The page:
The volume of a sphere of radius r is V = (4/3)(pi)(r^3); the surface area S of this sphere is S = 4(pi)(r^2).

(a) Express the volume V as a function of the surface area S.

(b) If the surface area doubles, how does the volume change?

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- Jan 22nd 2007, 01:52 PMsymmetryVolume of Spheres
The volume of a sphere of radius r is V = (4/3)(pi)(r^3); the surface area S of this sphere is S = 4(pi)(r^2).

(a) Express the volume V as a function of the surface area S.

(b) If the surface area doubles, how does the volume change? - Jan 22nd 2007, 02:39 PMtopsquark
a) $\displaystyle r = \left ( \frac{S}{4 \pi} \right )^{1/2}$

Thus:

$\displaystyle V = \frac{4}{3} \pi \left [ \left ( \frac{S}{4 \pi} \right )^{1/2} \right ]^3 $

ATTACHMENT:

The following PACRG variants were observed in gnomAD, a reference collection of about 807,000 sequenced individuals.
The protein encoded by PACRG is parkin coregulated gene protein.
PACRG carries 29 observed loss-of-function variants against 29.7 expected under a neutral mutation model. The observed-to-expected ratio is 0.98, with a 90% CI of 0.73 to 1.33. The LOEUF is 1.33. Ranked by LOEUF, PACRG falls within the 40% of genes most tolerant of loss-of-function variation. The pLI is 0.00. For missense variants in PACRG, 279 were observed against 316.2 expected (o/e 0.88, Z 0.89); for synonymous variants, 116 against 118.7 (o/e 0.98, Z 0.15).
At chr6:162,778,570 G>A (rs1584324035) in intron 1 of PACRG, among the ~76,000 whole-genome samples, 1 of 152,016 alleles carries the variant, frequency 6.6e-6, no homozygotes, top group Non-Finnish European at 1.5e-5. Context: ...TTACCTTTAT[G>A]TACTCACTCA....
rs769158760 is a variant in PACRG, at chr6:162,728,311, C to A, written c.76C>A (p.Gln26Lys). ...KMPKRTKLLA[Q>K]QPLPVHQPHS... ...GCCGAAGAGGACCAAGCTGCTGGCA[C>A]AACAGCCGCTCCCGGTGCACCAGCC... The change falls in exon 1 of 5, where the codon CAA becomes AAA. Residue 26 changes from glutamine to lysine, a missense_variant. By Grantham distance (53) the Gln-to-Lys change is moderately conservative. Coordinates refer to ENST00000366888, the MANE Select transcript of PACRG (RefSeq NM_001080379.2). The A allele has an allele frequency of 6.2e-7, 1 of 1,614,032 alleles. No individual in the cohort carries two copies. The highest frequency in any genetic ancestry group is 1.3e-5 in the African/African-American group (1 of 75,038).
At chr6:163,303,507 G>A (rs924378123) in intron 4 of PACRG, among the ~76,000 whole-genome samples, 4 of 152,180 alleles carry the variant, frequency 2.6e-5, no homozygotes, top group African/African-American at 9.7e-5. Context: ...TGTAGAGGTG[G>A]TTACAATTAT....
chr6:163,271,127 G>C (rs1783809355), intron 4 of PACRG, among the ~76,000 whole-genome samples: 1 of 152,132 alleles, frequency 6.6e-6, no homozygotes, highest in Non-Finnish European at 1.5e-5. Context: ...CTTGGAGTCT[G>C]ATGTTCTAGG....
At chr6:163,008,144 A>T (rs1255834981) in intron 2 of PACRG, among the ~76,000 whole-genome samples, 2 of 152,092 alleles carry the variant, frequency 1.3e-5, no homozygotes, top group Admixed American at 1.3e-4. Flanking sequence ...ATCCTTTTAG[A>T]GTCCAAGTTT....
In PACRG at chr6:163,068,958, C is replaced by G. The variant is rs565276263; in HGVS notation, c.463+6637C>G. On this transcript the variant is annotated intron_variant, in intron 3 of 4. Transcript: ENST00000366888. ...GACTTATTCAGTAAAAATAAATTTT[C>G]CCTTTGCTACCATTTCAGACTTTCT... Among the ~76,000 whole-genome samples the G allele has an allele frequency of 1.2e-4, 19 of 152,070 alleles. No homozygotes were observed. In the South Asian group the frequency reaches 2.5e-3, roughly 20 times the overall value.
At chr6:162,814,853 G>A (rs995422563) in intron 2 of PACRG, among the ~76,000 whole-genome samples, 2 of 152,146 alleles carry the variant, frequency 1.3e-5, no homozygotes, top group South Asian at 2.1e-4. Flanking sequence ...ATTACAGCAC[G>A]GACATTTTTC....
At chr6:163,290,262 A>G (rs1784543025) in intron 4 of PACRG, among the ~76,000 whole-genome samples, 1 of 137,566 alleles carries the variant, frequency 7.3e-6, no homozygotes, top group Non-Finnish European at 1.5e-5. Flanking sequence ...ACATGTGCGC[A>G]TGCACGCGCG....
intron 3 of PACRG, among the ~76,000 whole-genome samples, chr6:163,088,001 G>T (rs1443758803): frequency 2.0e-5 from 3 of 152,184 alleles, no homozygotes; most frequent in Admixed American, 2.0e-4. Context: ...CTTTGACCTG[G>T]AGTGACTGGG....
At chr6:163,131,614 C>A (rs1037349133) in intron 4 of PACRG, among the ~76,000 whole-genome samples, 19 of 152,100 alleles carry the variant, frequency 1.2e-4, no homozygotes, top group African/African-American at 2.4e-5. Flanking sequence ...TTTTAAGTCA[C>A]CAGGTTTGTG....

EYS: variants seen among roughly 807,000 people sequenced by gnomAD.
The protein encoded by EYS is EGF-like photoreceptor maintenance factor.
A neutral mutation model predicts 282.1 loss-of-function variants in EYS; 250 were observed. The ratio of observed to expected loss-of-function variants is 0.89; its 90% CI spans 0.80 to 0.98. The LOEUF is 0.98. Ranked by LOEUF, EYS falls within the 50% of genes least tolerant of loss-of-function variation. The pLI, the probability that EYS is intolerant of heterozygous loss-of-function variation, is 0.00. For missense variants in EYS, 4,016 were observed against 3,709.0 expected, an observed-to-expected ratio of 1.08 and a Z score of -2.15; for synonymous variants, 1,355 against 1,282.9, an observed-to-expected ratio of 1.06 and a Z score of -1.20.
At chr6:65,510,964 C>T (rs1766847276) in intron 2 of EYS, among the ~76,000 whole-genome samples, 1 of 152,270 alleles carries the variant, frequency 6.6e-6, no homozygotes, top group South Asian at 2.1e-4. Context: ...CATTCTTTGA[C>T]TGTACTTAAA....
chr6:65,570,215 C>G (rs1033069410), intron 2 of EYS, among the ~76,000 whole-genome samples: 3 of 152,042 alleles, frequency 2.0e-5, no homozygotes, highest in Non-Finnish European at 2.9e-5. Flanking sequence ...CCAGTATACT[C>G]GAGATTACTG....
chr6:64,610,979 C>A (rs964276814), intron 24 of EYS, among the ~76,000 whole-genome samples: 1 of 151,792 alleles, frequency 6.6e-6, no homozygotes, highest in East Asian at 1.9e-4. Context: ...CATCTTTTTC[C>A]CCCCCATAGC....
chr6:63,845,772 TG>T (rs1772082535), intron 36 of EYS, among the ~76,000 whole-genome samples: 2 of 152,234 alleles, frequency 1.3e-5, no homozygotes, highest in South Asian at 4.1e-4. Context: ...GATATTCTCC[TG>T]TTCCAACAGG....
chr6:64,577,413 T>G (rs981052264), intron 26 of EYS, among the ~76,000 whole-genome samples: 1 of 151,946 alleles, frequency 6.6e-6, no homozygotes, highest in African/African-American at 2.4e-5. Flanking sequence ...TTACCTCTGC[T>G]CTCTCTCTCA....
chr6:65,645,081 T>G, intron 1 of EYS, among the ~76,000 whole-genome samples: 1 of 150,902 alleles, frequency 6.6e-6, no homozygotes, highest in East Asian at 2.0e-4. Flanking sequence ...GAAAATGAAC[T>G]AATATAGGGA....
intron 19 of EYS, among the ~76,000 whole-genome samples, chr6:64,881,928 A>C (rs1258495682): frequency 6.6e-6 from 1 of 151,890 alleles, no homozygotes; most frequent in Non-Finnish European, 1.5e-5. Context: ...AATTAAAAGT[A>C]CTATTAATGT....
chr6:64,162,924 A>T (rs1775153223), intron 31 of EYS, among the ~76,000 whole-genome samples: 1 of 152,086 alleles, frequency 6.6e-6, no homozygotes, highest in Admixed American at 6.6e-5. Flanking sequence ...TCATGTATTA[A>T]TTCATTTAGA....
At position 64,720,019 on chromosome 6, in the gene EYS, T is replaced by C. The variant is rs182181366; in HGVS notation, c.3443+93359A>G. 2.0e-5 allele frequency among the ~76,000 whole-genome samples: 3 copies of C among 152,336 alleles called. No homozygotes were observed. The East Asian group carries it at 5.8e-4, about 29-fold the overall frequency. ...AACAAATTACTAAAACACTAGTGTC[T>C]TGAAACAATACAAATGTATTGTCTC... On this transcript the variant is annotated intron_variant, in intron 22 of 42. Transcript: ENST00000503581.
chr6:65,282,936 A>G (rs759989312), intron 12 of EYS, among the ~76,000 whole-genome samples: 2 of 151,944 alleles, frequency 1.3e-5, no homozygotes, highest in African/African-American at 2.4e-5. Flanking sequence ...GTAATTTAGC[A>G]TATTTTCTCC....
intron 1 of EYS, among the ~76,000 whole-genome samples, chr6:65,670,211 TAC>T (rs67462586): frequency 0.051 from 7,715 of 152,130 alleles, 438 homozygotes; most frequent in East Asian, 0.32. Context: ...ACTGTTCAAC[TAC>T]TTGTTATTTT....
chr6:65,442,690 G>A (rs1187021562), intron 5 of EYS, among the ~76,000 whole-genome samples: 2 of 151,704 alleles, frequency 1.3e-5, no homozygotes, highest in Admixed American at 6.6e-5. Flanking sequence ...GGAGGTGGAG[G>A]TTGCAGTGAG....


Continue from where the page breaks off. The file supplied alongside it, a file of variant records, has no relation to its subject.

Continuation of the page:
$\displaystyle V = \frac{4 \pi}{3(4 \pi)^{3/2}} S^{3/2}$

$\displaystyle V = \frac{1}{3(4 \pi)^{1/2}} S^{3/2}$

b) If $\displaystyle S \to 2S$ then

$\displaystyle V \to \frac{1}{3(4 \pi)^{1/2}} (2S)^{3/2}$

$\displaystyle V \to 2^{3/2} \left ( \frac{1}{3(4 \pi)^{1/2}} S^{3/2} \right ) $

$\displaystyle V \to 2^{3/2}V$

-Dan - Jan 22nd 2007, 03:38 PMsymmetryok
Dan,

Hello. How did you get r to equal (s/4pi)^(1/2)?

I did not follow that part.

Thanks! - Jan 23rd 2007, 05:55 AMtopsquark
$\displaystyle S = 4 \pi r^2$

$\displaystyle \frac{S}{4 \pi} = \frac{4 \pi r^2}{4 \pi}$

$\displaystyle r^2 = \frac{S}{4 \pi}$

Now, we need to take the square root of both sides. It was more convenient for me to express this as

$\displaystyle r = \left ( \frac{S}{4 \pi} \right )^{1/2}$

rather than

$\displaystyle r = \sqrt{\frac{S}{4 \pi}}$

Both of these forms are completely equivalent, though you would probably recognize the second as being more familiar. Perhaps I should have mentioned this when I solved the problem.

-Dan - Jan 23rd 2007, 05:23 PMsymmetryok
I finally got it.

Thanks!